In Fig. 5, the optical depth of the γγ absorption caused by the radiation field of the companion galaxy of 1ES1440+122 is shown as a function of γ-ray energy for different values of the effective radius of the galaxy. Substantial absorption is possible only in the case of a relatively small effective radius of the galaxy, Reff ≲ 1 kpc. However, the typical size of such luminous galaxies is much bigger, of the order of Reff ≳ 10 kpc. Therefore, significant absorption by the radiation field of this individual galaxy is very unlikely.

thumbnail Fig. 4

Spectrum of a companion galaxy of 1ES1440+122 (solid line, Sbarufatti et al. 2006) approximated by a Planckian distribution (dashed line).

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5. Cascade emission

As mentioned above, if a VHE γ-ray blazar is surrounded by 5 luminous galaxies γγ absorption might become substantial. Although we failed to find examples of such dense environments with multiple companion galaxies, such environments might exist at higher redshifts of z ≳ 2 where cluster environments are believed to have been denser than at the present epoch. However, the VHE γ-ray emission from blazars at z ≳ 2 is heavily absorbed by the EBL and cannot be detected. Therefore, it is impossible to examine blazar environments directly by studying TeV emission. Nevertheless, absorbed γ rays might be re-emitted at GeV energies through Compton-supported, γ-ray-induced pair cascades and contribute to the observed GeV emission. Below we provide simple estimates of the flux level of the expected GeV emission from γ-ray-induced pair cascades in the combined photon field of several companion galaxies.

Based on the example of 1ES1440+122 which neighbours a luminous elliptical galaxy, the maximum optical depth in the radiation field of a single nearby galaxy is τmax ≃ 0.02. For N nearby galaxies with similar properties the maximum optical depth is then . Assuming that all energy in the absorbed γ-ray emission is re-emitted at GeV energies, we can find the most optimistic estimate for the flux from the cascade emission in the limit that the magnetic field is weak enough not to deflect the electrons/positrons in the cascade from the primary direction of the γ rays. In that case, the secondary γ rays are re-emitted in the same direction and with the same beaming characteristic as the original VHE γ-ray beam, and the expected cascade emission in the GeV energy band is (12)where the intrinsic TeV flux from the blazar jet can be approximated by (13)where dL is the luminosity distance to the blazar and the factor of 1 / 2 accounts for the presence of two jets; L = 1044L44 erg s-1 is the inferred isotropic VHE γ-ray luminosity which usually does not exceed ~1044 erg s-1 for known VHE γ-ray blazars. In the case of the substantial magnetic field (B ≳ 10-14 G), electrons/positrons in the cascade may be deflected out of the primary VHE γ-ray beam, and the GeV γ rays will be re-distributed over a larger solid angle, resulting in a lower flux.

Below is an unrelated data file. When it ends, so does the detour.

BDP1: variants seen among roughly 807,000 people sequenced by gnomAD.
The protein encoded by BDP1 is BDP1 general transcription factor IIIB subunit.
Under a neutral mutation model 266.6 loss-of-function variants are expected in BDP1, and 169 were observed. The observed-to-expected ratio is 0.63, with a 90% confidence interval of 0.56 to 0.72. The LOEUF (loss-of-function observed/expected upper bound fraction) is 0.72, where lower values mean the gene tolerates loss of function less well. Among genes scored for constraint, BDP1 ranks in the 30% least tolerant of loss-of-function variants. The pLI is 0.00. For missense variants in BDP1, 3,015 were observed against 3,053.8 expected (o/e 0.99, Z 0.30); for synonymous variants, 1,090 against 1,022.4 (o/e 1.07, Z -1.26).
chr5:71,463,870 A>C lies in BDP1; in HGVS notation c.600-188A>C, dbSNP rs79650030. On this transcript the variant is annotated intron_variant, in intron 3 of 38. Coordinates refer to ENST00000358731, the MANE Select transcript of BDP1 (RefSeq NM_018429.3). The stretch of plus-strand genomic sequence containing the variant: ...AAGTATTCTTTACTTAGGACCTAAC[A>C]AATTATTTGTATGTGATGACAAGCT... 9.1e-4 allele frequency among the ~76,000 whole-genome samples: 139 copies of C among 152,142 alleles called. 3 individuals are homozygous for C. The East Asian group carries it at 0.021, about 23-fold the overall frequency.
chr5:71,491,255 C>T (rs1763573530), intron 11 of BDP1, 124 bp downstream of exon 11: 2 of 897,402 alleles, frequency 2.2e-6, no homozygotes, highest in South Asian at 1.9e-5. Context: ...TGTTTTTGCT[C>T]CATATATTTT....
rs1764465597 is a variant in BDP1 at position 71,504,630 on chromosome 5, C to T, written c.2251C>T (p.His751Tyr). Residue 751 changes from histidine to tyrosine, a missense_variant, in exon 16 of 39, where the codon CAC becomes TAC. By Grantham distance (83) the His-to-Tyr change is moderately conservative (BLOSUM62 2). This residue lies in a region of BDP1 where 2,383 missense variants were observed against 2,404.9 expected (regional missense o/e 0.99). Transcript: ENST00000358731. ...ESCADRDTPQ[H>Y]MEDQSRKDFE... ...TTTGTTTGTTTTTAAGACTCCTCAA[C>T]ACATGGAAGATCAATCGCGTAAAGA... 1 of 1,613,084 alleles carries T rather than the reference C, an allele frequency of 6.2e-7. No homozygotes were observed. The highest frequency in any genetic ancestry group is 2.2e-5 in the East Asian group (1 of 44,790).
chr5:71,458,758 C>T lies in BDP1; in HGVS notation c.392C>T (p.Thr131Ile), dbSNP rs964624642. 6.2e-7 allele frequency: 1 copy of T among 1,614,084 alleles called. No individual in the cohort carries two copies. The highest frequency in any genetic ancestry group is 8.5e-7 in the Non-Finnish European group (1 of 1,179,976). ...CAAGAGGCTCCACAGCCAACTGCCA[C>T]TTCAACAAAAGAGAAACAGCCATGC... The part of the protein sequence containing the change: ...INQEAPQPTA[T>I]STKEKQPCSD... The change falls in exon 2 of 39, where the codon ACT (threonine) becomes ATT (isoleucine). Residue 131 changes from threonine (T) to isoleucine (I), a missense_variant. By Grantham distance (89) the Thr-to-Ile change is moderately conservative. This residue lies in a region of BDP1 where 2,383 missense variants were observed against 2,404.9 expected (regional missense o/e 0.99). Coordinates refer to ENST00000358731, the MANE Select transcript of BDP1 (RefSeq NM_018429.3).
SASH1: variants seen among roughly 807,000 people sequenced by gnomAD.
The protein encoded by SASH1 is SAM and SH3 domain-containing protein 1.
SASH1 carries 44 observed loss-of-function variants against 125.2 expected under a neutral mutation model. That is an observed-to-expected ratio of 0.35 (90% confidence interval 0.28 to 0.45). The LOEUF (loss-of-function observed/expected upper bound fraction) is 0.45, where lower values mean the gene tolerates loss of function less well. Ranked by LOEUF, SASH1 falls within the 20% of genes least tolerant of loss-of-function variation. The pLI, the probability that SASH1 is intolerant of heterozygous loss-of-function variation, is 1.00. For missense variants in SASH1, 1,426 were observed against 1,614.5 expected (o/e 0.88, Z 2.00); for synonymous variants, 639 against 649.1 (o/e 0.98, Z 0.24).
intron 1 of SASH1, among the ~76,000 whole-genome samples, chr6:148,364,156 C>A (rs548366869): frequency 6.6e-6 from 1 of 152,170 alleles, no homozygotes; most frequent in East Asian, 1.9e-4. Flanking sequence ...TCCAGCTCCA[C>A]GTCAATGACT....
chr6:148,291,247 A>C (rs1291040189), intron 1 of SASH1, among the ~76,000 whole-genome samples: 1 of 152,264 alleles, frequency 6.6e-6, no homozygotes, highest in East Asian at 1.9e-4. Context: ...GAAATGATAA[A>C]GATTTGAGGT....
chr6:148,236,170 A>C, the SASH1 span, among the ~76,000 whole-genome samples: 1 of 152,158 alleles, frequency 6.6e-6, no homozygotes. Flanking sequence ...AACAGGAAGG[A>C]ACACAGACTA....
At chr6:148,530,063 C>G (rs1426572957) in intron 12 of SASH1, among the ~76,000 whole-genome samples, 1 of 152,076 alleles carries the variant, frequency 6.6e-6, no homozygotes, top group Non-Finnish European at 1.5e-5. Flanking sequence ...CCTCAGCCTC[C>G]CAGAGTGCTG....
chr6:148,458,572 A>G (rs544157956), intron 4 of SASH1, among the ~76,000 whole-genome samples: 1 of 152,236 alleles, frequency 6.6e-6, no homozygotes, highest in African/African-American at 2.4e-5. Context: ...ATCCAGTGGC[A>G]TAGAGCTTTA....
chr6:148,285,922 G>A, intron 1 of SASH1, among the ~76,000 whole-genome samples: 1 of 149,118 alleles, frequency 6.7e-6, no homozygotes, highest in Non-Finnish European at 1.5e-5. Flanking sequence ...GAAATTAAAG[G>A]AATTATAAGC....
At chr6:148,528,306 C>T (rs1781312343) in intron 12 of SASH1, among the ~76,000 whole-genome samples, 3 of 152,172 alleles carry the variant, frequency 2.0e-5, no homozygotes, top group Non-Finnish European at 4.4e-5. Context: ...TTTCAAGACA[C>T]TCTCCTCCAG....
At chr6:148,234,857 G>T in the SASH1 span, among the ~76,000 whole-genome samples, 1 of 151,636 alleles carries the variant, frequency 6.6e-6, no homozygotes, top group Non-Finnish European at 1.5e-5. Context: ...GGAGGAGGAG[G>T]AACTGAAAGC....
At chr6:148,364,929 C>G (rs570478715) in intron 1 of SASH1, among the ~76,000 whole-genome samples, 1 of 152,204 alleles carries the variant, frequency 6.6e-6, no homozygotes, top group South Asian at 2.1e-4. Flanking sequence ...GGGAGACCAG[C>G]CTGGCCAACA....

thumbnail Fig. 5

γγ opacity of the γ ray emitted from 1ES1440+122 in the radiation field of the companion galaxy as a function of the γ-ray energy for various values of the effective radius of the companion galaxy.

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For two different assumed values of the redshift z = 0.1 and z = 2.0, the upper limits for the observed cascade GeV emission are

Comparing this to the Fermi-LAT sensitivity of erg cm-2 s-1, it is obvious that even for ~10 nearby, luminous companion galaxies and a large intrinsic VHE luminosity of the high-redshift blazar, the expected cascade flux is not expected to make a measurable contribution to the GeV γ-ray flux from galaxy clusters hosting radio-loud AGN.

6. Summary

We have evaluated the optical depth for VHE γ rays produced in blazars due to γγ absorption in the cluster environments of the blazar’s host galaxy. Considering target photon fields from the intracluster light and companion galaxies within the cluster, we conclude that neither of these fields is likely to constitute a substantial opacity to γγ absorption, unless a large number (5) of very luminous, compact galaxies are located close to the line of sight of the blazar beam. This situation is not found in the local Universe, but may be possible at larger redshifts (z ≳ 2). Since VHE γ rays from such distances are expected to be heavily attenuated by γγ absorption by the EBL, we considered the possible signatures of VHE γ-ray induced, Compton-supported pair cascades following the γγ absorption of blazar emission in dense cluster environments, but concluded that the expected GeV flux level is unlikely to be detectable by Fermi-LAT.

The authors thank C. Burke for stimulating discussions on the intracluster light. M.B. acknowledges support from the South African Department of Science and Technology through the National Research Foundation under NRF SARChI Chair grant No. 64789.


1

The Advanced Camera for Surveys (ACS) aboard the Hubble Space Telescope (HST).

References

All Figures

thumbnail Fig. 1

γ-γ optical depth of a radiation field of a companion galaxy as a function of the impact parameter b presented for different γ-ray energies, assuming the galaxy is located at the same distance. The parameters of the galaxy are assumed to be Reff = 1 kpc, L = LMW, and T = 5000 K.

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In the text
thumbnail Fig. 2

Same as Fig. 1, but as a function of temperature T for the impact parameter of 10 Reff.

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In the text
thumbnail Fig. 3

Same as Fig. 1, but as a function of the location of the companion galaxy with respect to the source of the γ-ray emission for the impact parameter of 10 Reff.

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In the text
thumbnail Fig. 4

Spectrum of a companion galaxy of 1ES1440+122 (solid line, Sbarufatti et al. 2006) approximated by a Planckian distribution (dashed line).

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In the text
thumbnail Fig. 5

γγ opacity of the γ ray emitted from 1ES1440+122 in the radiation field of the companion galaxy as a function of the γ-ray energy for various values of the effective radius of the companion galaxy.

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In the text